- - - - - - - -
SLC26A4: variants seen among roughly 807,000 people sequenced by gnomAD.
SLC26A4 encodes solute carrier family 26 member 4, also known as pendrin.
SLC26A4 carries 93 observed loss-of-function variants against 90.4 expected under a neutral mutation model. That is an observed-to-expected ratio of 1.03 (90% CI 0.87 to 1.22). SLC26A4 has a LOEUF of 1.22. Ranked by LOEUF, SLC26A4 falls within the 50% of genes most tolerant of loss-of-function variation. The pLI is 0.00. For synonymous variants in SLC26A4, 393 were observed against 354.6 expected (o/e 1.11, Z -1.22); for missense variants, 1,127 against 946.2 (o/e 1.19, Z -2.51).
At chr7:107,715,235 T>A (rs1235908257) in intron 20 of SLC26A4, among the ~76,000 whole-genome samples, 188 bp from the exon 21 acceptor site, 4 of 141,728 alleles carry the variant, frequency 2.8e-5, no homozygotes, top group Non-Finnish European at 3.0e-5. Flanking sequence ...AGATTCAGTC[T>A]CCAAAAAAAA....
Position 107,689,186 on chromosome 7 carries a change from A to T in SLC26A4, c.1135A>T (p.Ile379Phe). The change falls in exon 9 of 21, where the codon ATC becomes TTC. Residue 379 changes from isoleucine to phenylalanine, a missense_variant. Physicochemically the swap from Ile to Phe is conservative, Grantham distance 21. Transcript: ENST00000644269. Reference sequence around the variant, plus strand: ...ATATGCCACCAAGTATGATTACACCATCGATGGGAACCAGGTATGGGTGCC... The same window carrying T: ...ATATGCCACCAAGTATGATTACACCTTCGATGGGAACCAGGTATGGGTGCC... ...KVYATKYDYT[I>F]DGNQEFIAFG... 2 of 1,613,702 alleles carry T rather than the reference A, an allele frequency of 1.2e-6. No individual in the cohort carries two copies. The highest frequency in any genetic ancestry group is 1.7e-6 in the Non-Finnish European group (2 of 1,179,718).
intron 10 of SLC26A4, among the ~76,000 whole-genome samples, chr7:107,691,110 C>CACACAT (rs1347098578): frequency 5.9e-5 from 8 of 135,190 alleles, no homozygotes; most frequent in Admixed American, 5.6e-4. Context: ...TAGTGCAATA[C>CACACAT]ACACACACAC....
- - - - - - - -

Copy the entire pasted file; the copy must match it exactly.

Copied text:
SLC26A4: variants seen among roughly 807,000 people sequenced by gnomAD.
SLC26A4 encodes solute carrier family 26 member 4, also known as pendrin.
SLC26A4 carries 93 observed loss-of-function variants against 90.4 expected under a neutral mutation model. That is an observed-to-expected ratio of 1.03 (90% CI 0.87 to 1.22). SLC26A4 has a LOEUF of 1.22. Ranked by LOEUF, SLC26A4 falls within the 50% of genes most tolerant of loss-of-function variation. The pLI is 0.00. For synonymous variants in SLC26A4, 393 were observed against 354.6 expected (o/e 1.11, Z -1.22); for missense variants, 1,127 against 946.2 (o/e 1.19, Z -2.51).
At chr7:107,715,235 T>A (rs1235908257) in intron 20 of SLC26A4, among the ~76,000 whole-genome samples, 188 bp from the exon 21 acceptor site, 4 of 141,728 alleles carry the variant, frequency 2.8e-5, no homozygotes, top group Non-Finnish European at 3.0e-5. Flanking sequence ...AGATTCAGTC[T>A]CCAAAAAAAA....
Position 107,689,186 on chromosome 7 carries a change from A to T in SLC26A4, c.1135A>T (p.Ile379Phe). The change falls in exon 9 of 21, where the codon ATC becomes TTC. Residue 379 changes from isoleucine to phenylalanine, a missense_variant. Physicochemically the swap from Ile to Phe is conservative, Grantham distance 21. Transcript: ENST00000644269. Reference sequence around the variant, plus strand: ...ATATGCCACCAAGTATGATTACACCATCGATGGGAACCAGGTATGGGTGCC... The same window carrying T: ...ATATGCCACCAAGTATGATTACACCTTCGATGGGAACCAGGTATGGGTGCC... ...KVYATKYDYT[I>F]DGNQEFIAFG... 2 of 1,613,702 alleles carry T rather than the reference A, an allele frequency of 1.2e-6. No individual in the cohort carries two copies. The highest frequency in any genetic ancestry group is 1.7e-6 in the Non-Finnish European group (2 of 1,179,718).
intron 10 of SLC26A4, among the ~76,000 whole-genome samples, chr7:107,691,110 C>CACACAT (rs1347098578): frequency 5.9e-5 from 8 of 135,190 alleles, no homozygotes; most frequent in Admixed American, 5.6e-4. Context: ...TAGTGCAATA[C>CACACAT]ACACACACAC....